We have been thoroughly enjoying our PE sessions with Mr Fearne! Take a look at what we've been getting up to below!
Today we discussed the question 'Were the Romans really rotten?' We had to think about if we agreed with the statement or disagreed. Then we went on a 'What the Romans did for us' treasure hunt. We found out that although they did some rotten things, the Romans actually brought over lots of great ideas and inventions to Britain!
In our groups, we used a diamond nine to organise what we thought were the most important things to the least important things. It was tricky to decide as a group because we all had different ideas!
Finally, we had a debate about what we thought was the most important thing the Romans did for us and why. Lewis and Jamie won the debate with a really well thought out answer that was backed up with evidenced they had sourced earlier in the lesson. Take a look at their explanation below!
Last week, we looked at what a reversible change was and this week we became scientifical bakers to explore what an irreversible change was! We discussed different cooking processes and decided if the change would be a reversible one (we could get back to the original product) or an irreversible one (made a new product). We also thought about how the different cooking process affected the end product. For example, an egg. It can be fried, scrambled, boiled or poached, creating a different end product each time!
We looked at making bread and thought about how if we changed one variable, would it affect the end product in anyway so we tried it out for ourselves! One group left out yeast, another group left out sugar, another group left out oil and one group used all of the ingredients. Can you match the group to the bread? take a look at the pictures below!
This week we started to explore how and why the Romans decided to invade Britain. We learnt that the Romans were very greedy and were interested in all of the fantastic resources we had. As their empire grew, they needed more of the resources to be able to support them. They needed more corn to feed their increasing numbers, lead to make pipes, wool to make togas and gold and silver for jewellery and coins. Not only this, but they wanted revenge on the Celts for helping the Gauls, and wanted to prove to the rest of the world how powerful they were!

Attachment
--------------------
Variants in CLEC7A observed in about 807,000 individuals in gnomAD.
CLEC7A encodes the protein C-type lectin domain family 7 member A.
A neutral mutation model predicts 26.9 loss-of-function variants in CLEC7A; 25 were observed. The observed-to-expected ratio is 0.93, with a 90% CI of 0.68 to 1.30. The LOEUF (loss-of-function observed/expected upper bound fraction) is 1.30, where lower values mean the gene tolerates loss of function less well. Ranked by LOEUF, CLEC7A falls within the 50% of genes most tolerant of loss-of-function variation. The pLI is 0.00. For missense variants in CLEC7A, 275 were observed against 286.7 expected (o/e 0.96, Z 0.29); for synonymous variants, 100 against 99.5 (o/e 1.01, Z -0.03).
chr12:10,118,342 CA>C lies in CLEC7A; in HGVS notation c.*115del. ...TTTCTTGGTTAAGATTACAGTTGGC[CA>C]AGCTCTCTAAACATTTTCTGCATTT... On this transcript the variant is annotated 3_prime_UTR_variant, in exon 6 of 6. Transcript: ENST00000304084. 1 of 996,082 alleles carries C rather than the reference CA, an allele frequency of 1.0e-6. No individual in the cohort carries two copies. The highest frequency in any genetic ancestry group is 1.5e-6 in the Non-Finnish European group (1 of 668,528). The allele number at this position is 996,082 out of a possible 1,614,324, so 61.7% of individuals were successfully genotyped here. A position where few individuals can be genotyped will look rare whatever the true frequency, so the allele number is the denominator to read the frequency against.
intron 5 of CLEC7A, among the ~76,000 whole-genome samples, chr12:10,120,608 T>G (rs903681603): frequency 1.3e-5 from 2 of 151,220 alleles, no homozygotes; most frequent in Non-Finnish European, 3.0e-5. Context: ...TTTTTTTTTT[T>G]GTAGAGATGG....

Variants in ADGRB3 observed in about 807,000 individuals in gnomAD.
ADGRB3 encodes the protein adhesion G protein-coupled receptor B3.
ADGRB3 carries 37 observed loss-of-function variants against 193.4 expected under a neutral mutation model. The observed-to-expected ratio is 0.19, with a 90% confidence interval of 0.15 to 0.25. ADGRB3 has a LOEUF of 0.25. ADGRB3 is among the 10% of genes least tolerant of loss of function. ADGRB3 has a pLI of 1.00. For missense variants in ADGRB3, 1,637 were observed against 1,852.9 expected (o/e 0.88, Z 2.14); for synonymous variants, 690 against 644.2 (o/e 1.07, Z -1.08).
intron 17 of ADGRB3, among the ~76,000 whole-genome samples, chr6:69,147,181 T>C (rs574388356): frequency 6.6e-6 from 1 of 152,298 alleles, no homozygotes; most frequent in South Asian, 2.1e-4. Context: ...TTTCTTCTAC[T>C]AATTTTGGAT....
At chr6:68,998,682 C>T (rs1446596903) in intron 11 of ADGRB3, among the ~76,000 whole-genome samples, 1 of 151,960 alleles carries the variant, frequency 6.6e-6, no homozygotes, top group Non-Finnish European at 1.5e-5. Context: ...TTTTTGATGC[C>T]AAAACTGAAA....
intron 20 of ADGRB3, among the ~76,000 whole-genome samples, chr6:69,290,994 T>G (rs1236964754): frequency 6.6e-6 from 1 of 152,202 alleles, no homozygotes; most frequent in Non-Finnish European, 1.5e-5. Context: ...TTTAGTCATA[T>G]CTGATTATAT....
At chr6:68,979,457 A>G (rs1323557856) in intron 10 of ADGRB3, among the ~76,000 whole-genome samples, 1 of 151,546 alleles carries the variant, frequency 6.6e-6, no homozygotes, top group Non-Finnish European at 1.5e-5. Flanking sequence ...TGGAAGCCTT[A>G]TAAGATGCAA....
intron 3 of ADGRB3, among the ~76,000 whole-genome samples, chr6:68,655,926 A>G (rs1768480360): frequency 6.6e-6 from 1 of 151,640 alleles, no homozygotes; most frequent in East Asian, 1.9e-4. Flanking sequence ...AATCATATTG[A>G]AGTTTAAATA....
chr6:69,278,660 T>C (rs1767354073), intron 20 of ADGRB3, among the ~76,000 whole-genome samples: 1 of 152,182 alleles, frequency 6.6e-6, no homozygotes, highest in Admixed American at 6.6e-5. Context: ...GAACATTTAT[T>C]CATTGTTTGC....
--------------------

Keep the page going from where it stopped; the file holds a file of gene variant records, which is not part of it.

Today in English we enjoyed being Roman newspaper reporters and interviewing eye-witnesses who were present at the time of the eruption of Mount Vesuvius in Pompeii. We looked at a letter written by someone who actually watched the eruption unfold. He was called Pliny the younger and his Uncle, Pliny the elder, died during the eruption. He died a hero; rescuing as many people as he could from the shores of the Pompeii whilst the volcano caused devastation and destruction. We'll be using these eye-witness accounts to write quotes to include in our newspaper articles that we'll write on Friday.
In our Maths sessions, we have been thinking about how we can explain that we know whether an answer is correct or incorrect. This is trickier than it sounds! Miss Taylor decided to help us out by answering some of our questions for us! We then had to swap roles and mark Miss Taylor's work! Firstly, we had to work out if her answer was correct or incorrect and then we had to check her explanation of how she knew. Although we found it difficult, we had a great time being the teacher and can't wait to do it again!
Today, we thought about where the Romans came in history. We thought about previous time periods we have learnt about in school such as the Victorians, the Vikings and the Ancient Egyptians as well as important historical events such as the Battle of Hastings and The Great Fire of London. After we had come up with as many as we possibly could, we went outside to create a human timeline. it was our challenge to place the events in chronological order on the timeline accurately. It was tricky stuff! Once we were happy with it, we thought about where the Romans came on this timeline of events. We got it right eventually after a bit of trial and error!
We then went back inside and used this knowledge to create our own timelines. Miss Taylor challenged us to think about important events that have happened in British history that we could add to our own timelines. We came up with some great ideas such as the Queen's Golden Jubilee, the tragedy of 9/11 and the Manchester Bombings and also events such as the London Olympics.
Take a peek at us enjoying our new class book, Cosmic by Frank Cottrell Boyce. We tweeted him to say how much we were enjoying his book so far and he liked our tweet!
What makes materials magnificent?
To kick off our Science topic for this half-term we started off with an experiment! Miss Taylor asked us to try two different liquids which looked completely the same. One we liked and one we definitely didn't! We decided that even though they both looked the same, one of the clear liquids had sugar added to the water. Miss Taylor didn't believe us because she said that she couldn't see it but we explained to her that it had dissolved!
We then thought about a variety of substances that we wanted to mix with our solute (water) to see if the substances dissolved. we had to make predictions about whether we thought the substance would dissolve, would not dissolve, or would react with the water to form a new substance. We found this easier when relating these to real life experiences. for example, we discussed what happened when we dunked a biscuit in our tea and the inevitable happened . . . it broke off into our mug. We though about if the biscuit disappeared into the tea leaving a clear solution, or did it mix with the tea to create something new or did it just sink to the bottom and form a residue?
We had a lot of fun testing our predictions. Look at the images below to see us testing out our theories!